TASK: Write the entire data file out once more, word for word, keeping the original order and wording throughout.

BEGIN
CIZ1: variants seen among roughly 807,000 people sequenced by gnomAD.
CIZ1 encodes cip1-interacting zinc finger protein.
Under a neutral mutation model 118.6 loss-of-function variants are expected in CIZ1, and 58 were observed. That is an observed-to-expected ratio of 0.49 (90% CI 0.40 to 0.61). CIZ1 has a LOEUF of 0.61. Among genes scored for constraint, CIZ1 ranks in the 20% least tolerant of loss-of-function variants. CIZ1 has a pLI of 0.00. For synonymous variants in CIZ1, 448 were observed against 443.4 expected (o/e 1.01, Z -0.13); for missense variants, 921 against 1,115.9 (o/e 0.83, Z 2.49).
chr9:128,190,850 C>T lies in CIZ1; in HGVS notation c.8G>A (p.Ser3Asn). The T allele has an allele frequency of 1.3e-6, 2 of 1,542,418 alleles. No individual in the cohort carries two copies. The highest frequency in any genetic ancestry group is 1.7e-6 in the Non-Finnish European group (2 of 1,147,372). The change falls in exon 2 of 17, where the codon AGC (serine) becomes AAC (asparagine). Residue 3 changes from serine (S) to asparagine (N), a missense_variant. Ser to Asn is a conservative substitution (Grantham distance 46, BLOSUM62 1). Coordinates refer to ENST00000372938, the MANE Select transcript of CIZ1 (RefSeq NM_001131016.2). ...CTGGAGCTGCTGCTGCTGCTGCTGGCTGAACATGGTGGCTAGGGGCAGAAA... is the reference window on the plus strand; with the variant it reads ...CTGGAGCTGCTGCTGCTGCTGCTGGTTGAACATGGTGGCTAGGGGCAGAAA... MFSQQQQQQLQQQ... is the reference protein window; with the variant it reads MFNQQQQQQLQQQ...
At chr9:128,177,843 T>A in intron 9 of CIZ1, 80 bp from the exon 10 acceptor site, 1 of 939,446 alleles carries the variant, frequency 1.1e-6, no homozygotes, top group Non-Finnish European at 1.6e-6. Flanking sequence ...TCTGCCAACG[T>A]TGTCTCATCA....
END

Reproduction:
CIZ1: variants seen among roughly 807,000 people sequenced by gnomAD.
CIZ1 encodes cip1-interacting zinc finger protein.
Under a neutral mutation model 118.6 loss-of-function variants are expected in CIZ1, and 58 were observed. That is an observed-to-expected ratio of 0.49 (90% CI 0.40 to 0.61). CIZ1 has a LOEUF of 0.61. Among genes scored for constraint, CIZ1 ranks in the 20% least tolerant of loss-of-function variants. CIZ1 has a pLI of 0.00. For synonymous variants in CIZ1, 448 were observed against 443.4 expected (o/e 1.01, Z -0.13); for missense variants, 921 against 1,115.9 (o/e 0.83, Z 2.49).
chr9:128,190,850 C>T lies in CIZ1; in HGVS notation c.8G>A (p.Ser3Asn). The T allele has an allele frequency of 1.3e-6, 2 of 1,542,418 alleles. No individual in the cohort carries two copies. The highest frequency in any genetic ancestry group is 1.7e-6 in the Non-Finnish European group (2 of 1,147,372). The change falls in exon 2 of 17, where the codon AGC (serine) becomes AAC (asparagine). Residue 3 changes from serine (S) to asparagine (N), a missense_variant. Ser to Asn is a conservative substitution (Grantham distance 46, BLOSUM62 1). Coordinates refer to ENST00000372938, the MANE Select transcript of CIZ1 (RefSeq NM_001131016.2). ...CTGGAGCTGCTGCTGCTGCTGCTGGCTGAACATGGTGGCTAGGGGCAGAAA... is the reference window on the plus strand; with the variant it reads ...CTGGAGCTGCTGCTGCTGCTGCTGGTTGAACATGGTGGCTAGGGGCAGAAA... MFSQQQQQQLQQQ... is the reference protein window; with the variant it reads MFNQQQQQQLQQQ...
At chr9:128,177,843 T>A in intron 9 of CIZ1, 80 bp from the exon 10 acceptor site, 1 of 939,446 alleles carries the variant, frequency 1.1e-6, no homozygotes, top group Non-Finnish European at 1.6e-6. Flanking sequence ...TCTGCCAACG[T>A]TGTCTCATCA....